Columbus was a horrible person. Even 15th century Spain said he was horrible.
    I did some reading on the topic, a semester ago. One of the more amusing tidbits was it was felt that if Columbus was more competent, he would have been more horrible, so the Spanish crown took steps to stop that sort of thing. That isn't just a backhanded insult, they gave him the other side of the hand, too.
    Solfe, Dominus Maris Pavos.

  10. #40
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    Quote Originally Posted by SkepticJ View Post
    Maybe because debating ridiculous things is politically neutral, so avoids that minefield?
    I guess that might have been it.

    I was always up for controversial discussions when I was a kid, and I think I was quite interested in developing a more sophisticated world view...so I thought that debating how many invisible unicorns there were on a pin head was pretty pointless.....the trouble with debating useless things, is that it only develops a narrow skill set of thinking skills, I think maybe...like playing chess does; useful, but maybe dangerous as well.
    Formerly Frog march..............

  11. #41
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    Quote Originally Posted by Ken G View Post
    Perhaps the situation is rather muddled in the current curriculum, I'll bet a lot depends on the teachers you happen to get. Hopefully people are starting to get the iota of cultural awareness required to recognize that Columbus' "discovery" was very fortunate for one population and disastrously unfortunate for another. That's really just a historical fact that even children can be made aware of without destroying Thanksgiving or other cultural holidays. Except Columbus Day, of course.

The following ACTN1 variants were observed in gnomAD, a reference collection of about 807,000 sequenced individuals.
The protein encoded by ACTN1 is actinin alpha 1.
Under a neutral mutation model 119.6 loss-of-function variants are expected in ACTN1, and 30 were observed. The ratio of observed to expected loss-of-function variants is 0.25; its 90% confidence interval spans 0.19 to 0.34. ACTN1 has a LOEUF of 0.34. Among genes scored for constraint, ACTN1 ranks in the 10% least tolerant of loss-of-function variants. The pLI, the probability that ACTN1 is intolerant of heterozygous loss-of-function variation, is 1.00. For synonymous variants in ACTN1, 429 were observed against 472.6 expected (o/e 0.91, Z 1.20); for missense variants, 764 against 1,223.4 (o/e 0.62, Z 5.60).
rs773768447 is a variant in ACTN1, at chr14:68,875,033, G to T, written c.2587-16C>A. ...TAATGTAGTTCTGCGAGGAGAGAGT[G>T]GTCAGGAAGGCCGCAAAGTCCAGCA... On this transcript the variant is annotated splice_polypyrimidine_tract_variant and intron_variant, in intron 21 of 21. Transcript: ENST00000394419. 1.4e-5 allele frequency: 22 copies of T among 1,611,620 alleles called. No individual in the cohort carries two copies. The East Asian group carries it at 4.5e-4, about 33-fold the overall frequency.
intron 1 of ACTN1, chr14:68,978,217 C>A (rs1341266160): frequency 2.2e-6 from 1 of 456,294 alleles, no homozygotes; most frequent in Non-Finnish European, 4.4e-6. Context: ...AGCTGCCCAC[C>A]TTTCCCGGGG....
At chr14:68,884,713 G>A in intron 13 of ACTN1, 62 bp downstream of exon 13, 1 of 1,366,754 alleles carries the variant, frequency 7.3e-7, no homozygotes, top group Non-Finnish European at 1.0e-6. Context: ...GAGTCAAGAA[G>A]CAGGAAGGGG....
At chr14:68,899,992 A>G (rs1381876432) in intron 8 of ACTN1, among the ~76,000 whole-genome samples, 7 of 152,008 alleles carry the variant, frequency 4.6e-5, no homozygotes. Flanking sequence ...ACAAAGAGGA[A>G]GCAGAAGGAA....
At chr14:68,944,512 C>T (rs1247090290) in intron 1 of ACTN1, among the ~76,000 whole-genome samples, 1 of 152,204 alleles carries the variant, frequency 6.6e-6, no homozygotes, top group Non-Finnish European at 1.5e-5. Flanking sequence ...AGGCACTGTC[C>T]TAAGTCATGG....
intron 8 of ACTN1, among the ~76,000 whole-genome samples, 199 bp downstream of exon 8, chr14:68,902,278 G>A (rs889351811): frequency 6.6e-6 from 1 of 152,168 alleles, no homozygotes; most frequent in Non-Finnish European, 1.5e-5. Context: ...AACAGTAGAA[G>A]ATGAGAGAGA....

Ken G, Ferdinand Magellan's ships performed the first global circumnavigation and proved the earth was round without a shadow of a doubt.

  12. #42
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    Quote Originally Posted by LaurieAG View Post
    Ken G, Ferdinand Magellan's ships performed the first global circumnavigation and proved the earth was round without a shadow of a doubt.